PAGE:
What's the problem with them checking if the ID's are real? I mean if your going to go thru all this Hassle about requiring ID's you might as well make sure they are real! This has no impact on your right to fly without ID.
Cheers
Howie
Well, they're spending $$ to purchase the lights, and presumably time and money on training in the use of said lights, for really no purpose at all. There are plenty of valid IDs which do not contain such marks, which thus would get through the checkpoint still even if faked, for example; likewise, getting a valid ID for a false identity is fairly easy in most places, again proving that ID checks != security.

So it comes down to a waste of time and money, something the TSA has shown themselves to be utterly competent at above all else.
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Old Oct 19, 07, 5:48 am
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What a bunch of fickle little girls in here!

First y'all complain that TSA is no better than anyone else at detecting false IDs.

Now that TSA is taking steps to verify IDs, y'er still complaining.

Get some Midol.
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Old Oct 19, 07, 6:00 am
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We're complaining that the TSA is wasting time, money and resources with checking ID (which has nothing to do with security) when they should be checking for bombs and guns (which they only do 30% of the time anyway)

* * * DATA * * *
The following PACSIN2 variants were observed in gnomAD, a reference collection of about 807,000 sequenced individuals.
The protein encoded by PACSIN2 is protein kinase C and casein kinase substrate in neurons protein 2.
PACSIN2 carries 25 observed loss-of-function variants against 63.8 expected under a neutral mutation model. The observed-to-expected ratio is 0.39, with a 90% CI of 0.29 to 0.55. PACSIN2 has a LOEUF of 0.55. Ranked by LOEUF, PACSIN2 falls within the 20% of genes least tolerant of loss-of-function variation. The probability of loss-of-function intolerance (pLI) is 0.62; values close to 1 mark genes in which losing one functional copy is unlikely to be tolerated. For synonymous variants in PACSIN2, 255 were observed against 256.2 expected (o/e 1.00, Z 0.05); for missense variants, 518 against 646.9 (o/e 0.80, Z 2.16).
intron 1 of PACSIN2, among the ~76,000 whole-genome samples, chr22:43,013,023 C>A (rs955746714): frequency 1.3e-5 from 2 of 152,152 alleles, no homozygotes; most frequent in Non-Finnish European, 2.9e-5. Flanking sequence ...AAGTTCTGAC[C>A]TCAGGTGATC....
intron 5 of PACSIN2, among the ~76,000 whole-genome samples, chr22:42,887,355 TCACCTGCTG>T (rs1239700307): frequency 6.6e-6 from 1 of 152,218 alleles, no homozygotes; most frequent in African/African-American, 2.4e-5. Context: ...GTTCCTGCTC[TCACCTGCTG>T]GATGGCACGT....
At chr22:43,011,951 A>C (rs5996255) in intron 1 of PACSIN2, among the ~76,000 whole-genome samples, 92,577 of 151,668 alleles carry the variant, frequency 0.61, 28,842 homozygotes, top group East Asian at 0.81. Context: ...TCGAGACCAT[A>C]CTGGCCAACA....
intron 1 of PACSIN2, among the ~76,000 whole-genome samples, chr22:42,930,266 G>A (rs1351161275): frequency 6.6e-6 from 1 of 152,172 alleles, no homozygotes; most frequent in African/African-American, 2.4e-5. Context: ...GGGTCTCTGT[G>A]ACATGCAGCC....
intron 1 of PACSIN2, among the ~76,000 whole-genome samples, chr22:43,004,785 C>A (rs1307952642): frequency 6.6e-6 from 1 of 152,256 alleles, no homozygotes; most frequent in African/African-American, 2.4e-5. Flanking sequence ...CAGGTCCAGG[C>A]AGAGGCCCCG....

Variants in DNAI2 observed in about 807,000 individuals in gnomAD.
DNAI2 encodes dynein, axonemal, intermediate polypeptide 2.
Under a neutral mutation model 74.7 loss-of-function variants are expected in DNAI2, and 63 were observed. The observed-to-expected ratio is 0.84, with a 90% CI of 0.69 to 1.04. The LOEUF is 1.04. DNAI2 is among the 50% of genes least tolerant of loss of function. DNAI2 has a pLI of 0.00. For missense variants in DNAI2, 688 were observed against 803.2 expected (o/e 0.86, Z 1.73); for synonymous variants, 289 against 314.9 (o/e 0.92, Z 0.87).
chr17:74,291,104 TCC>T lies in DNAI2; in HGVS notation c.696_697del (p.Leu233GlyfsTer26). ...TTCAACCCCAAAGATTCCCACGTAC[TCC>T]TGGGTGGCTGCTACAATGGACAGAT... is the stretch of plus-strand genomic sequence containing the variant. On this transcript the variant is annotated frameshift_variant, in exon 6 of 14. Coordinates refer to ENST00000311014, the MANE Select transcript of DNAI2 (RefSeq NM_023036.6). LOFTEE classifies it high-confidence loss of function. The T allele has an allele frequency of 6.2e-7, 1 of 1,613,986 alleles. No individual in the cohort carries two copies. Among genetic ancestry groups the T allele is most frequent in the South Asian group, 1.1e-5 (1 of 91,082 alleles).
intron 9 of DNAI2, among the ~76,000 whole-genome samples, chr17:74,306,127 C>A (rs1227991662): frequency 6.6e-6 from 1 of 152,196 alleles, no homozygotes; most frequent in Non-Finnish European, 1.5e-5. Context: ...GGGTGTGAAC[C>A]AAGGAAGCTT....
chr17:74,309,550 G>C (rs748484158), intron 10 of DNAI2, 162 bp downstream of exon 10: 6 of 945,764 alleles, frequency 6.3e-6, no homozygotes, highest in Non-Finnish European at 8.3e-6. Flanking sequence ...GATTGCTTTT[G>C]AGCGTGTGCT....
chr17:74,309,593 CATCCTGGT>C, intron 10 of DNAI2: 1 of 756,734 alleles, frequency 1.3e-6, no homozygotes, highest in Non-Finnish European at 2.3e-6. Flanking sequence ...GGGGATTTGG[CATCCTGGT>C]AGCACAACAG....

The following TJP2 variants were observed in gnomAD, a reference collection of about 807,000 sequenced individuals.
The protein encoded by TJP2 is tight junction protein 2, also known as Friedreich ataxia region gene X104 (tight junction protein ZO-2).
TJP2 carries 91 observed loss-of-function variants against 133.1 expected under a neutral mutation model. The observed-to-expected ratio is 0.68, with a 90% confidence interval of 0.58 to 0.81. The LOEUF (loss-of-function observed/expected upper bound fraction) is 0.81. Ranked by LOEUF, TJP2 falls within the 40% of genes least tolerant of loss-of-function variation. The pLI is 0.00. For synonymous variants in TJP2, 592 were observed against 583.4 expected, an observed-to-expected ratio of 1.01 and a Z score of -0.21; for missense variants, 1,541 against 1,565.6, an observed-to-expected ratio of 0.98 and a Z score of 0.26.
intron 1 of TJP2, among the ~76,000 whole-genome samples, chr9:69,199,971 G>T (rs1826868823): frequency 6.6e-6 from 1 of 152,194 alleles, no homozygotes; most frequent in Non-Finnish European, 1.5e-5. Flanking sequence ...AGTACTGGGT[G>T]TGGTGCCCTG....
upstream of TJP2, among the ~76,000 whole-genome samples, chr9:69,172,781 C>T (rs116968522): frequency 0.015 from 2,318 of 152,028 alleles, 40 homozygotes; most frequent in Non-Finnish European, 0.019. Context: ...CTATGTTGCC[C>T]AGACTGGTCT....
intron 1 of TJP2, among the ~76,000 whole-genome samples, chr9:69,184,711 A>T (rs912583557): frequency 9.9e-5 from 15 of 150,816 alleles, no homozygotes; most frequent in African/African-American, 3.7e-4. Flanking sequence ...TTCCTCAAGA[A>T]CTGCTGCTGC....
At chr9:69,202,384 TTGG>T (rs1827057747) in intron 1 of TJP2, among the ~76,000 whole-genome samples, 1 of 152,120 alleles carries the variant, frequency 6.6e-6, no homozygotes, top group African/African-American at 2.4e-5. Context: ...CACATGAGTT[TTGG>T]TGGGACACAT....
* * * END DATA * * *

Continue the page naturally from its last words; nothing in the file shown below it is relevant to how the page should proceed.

ID does not equal security!
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Old Oct 19, 07, 6:02 am
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Originally Posted by LV702 View Post
We're complaining that the TSA is wasting time, money and resources with checking ID (which has nothing to do with security) when they should be checking for bombs and guns (which they only do 30% of the time anyway)

ID does not equal security!
Just curious where your security expertise comes from.
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Old Oct 19, 07, 6:12 am
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Originally Posted by Bart View Post
Just curious where your security expertise comes from.
Where does yours come from? I actually know the answer to that question already--but are you really saying that verifying IDs are real is somehow linked to detecting terrorist threats? If so, can you please explain how?

I am not opposed to security. I am opposed to "security measures" which don't accomplish actual security, which is a reduction in threats to the transportation system or those travelling on/in it. So please explain how stopping an illegal alien with a fake ID from flying to visit his/her mother is linked to the threat that a known or unknown somebody puts something that goes boom in his/her luggage.